Our schools are considering issuing a table type computer to each student as part of their book costs. Free or low cost broadband access would enable students to be able to do research and complete homework assignments outside of school. Many of our students can only access the web through the schools computer lab and requires students to spend additional time on campus.  Most of these students are single mothers and have to often choose to spend extra funds on daycare in order to stay on campus and do their work in the lab.

Provision of access to the web for low income students could change lives.

— Stephanie Hunt

Broadband is needed simply the world needs to be connected.  Efficiency is what pushes our society to improve, and efficiency can not be realized without people connecting with each other. Some of the most creative ideas that change people’s lives are often created outside of work. People need connection to record their thoughts, ideas, on the go.

— Kevin Chiu

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Broadband Brings Families Together

Learn about how families are using broadband to stay connected with loved ones around the world.

Tags: broadband, ces

Snapshots From CES — Day 2

Just across the aisle from the IIA booth at CES is the Skype live demonstration booth. MC’s are hosting non-stop live video chat calls with people around the country and around the worlds. And they are checking in with their roving mobile team that is doing interviews around the CES floor. The Skype team dropped by the IIA booth to broadcast our “Elvis” team member.

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The IIA Booth is located in the Access on the Go neighborhood of the CES South Hall.  Our show “neighbors”  feature innovative products and services for sharing information where ever you go.

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Check out this 2011 version of the Victorinox brand Swiss Army Knife. Two 32 GB flash drives that fold out for when you need them. And a mini scissors too.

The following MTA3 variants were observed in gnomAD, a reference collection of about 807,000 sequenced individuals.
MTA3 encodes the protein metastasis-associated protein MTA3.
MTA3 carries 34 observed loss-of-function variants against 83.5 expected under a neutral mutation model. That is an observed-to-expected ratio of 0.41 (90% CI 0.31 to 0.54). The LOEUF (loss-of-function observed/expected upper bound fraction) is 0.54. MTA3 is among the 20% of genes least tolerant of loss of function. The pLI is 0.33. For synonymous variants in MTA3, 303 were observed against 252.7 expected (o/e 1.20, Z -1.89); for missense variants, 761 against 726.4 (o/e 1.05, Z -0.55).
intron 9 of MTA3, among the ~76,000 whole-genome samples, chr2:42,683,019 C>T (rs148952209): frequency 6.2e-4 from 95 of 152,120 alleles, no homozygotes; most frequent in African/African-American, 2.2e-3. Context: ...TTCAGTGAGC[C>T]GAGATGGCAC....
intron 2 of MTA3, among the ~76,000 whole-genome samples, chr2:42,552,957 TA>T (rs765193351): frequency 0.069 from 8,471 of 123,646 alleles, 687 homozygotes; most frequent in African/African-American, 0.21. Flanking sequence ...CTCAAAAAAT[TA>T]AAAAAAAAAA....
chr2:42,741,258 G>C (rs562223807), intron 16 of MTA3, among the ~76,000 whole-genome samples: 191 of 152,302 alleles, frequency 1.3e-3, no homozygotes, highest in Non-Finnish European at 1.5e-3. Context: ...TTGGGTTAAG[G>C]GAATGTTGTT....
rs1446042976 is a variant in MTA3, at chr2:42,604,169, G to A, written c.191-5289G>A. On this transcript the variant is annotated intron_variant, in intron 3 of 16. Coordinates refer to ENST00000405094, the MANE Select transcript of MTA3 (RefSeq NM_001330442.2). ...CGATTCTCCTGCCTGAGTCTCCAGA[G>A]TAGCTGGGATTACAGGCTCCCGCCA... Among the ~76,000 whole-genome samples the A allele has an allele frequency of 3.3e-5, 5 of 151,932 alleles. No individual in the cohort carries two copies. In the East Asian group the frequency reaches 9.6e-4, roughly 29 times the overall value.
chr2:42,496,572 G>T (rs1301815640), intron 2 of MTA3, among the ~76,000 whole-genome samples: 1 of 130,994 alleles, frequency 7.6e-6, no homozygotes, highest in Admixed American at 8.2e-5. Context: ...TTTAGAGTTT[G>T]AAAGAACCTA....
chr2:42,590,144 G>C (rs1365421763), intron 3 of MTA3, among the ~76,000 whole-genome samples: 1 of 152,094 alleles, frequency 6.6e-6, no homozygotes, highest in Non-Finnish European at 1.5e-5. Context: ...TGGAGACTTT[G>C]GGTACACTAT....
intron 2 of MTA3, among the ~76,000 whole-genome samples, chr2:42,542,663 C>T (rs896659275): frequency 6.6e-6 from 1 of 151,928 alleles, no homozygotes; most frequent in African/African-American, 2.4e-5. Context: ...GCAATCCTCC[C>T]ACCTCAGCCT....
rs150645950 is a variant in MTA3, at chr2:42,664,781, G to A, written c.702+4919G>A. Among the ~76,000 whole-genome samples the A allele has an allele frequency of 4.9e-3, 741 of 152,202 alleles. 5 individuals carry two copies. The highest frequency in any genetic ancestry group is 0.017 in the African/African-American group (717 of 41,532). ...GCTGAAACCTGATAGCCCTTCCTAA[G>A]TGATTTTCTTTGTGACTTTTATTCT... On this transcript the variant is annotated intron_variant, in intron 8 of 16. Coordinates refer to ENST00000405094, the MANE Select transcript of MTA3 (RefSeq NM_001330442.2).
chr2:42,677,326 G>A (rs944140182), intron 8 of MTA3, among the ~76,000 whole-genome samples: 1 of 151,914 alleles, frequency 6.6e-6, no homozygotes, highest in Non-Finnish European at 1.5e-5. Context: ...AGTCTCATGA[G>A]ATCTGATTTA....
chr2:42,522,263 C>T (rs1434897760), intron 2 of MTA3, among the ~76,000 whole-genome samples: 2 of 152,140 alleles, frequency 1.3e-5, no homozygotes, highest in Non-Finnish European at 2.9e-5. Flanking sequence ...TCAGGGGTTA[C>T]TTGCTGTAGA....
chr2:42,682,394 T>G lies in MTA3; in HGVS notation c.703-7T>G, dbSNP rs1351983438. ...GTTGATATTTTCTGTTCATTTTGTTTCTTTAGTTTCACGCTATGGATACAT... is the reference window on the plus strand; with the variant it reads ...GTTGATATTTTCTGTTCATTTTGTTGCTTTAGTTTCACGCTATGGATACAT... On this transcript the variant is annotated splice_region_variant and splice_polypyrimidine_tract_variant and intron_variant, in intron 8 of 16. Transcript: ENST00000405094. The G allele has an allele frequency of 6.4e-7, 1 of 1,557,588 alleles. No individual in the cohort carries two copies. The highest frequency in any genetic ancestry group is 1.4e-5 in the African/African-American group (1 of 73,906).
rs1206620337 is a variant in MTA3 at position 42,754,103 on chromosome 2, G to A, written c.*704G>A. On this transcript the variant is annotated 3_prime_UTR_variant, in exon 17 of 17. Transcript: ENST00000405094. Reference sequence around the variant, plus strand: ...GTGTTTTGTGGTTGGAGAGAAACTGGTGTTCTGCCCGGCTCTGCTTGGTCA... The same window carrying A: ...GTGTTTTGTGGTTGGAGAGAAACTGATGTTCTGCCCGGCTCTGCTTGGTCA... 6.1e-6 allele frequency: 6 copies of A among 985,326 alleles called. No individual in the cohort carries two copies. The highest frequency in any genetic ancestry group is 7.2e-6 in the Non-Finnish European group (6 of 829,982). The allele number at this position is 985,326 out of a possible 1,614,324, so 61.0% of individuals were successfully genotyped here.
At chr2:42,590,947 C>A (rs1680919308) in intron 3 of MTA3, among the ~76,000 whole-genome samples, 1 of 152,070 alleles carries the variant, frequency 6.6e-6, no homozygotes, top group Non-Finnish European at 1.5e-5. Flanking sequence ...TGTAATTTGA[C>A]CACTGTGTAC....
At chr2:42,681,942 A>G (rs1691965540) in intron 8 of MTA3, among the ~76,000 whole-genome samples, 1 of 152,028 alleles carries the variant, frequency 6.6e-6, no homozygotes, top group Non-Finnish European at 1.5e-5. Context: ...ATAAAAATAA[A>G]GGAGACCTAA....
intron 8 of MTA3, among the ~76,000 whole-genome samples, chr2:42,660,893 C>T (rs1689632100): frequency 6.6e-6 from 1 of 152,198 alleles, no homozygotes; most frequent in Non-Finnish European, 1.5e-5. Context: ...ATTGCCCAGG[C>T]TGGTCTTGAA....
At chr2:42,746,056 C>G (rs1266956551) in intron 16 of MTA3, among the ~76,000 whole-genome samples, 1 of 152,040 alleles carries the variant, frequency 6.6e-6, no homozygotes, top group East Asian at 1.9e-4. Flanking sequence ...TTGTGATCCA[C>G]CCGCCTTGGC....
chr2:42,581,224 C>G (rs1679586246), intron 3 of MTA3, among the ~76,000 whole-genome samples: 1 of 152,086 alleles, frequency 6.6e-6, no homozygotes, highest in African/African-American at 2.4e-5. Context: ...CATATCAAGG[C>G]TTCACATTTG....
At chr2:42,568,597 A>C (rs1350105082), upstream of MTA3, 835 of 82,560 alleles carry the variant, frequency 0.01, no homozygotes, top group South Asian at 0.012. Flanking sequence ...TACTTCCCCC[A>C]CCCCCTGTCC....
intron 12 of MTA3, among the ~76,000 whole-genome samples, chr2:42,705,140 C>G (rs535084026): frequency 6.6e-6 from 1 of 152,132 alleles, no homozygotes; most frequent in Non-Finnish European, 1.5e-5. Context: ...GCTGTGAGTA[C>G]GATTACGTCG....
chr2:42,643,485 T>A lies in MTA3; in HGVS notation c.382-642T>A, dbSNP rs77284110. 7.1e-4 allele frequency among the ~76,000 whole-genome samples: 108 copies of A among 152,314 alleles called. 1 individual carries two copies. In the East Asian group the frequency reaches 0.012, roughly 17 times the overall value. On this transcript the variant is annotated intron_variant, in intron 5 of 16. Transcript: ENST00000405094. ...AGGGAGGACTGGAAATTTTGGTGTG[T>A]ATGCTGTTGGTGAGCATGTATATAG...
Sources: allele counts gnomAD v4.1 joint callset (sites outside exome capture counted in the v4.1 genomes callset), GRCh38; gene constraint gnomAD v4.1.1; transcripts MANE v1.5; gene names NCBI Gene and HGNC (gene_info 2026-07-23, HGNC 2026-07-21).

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Motion sensing technology is hot this year.  This booth is showcasing TV menus, games and the Internet that can be played and browsed with the wave of a hand.

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These little TV-mounted cameras sense movement for motion-controlled menu navigation and game play.

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Look for IIA in the Access on the Go zone in South Hall 3.

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Skype Stops by for a Visit

The Skype crew dropped by the IIA booth to do some live broadcasts from the “living room” and interview our Elvis, IIA team member Samantha.

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Views on Broadband From CES

We’ve been asking attendees stopping by the IIA booth CES to give us their thoughts on the power of broadband. We’ll be posting responses throughout the show. — IIA

A major area that broadband will effect business and our lives is in the streaming media arena. As more and more companies (Netflix, Hulu, etc.) provide content (HD content) to stream, the demand for broadband will increase quickly.

—Tom, Sunnyvale, CA

Tags: broadband, ces

Talking Spectrum at CES

Also attending CES this year is FCC Chairman Julius Genachowski. As the Washington Post’s Cecilia Kang reports, during his Friday address the Chairman will be focusing mainly on spectrum:

“If we don’t tackle the spectrum challenge, network congestion will grow, and consumer frustration will grow with it,” Genachowski will say Friday, according to a prepared text of his speech. “We’ll put our country’s economic competitiveness at risk, and squander the opportunity to lead the world in mobile.”

Tags: fcc, spectrum, ces

Falling Behind

Speaking at CES yesterday, U.S. Commerce Secretary Gary Locke warned that the U.S. is behind when it comes to technology and innovation. Via The Hill, Locke said:

“A report from the Information Technology and Innovation Foundation concluded that no advanced economy in the world has done LESS than the United States to improve its competitive position over the last decade. No wonder then that this past decade featured the slowest average annual GDP growth in America since World War II.”

Locke then went on to talk about the Obama administration’s attempts to right the ship, including reducing the backlog at the U.S. Patent Office and increased national funding for research and development.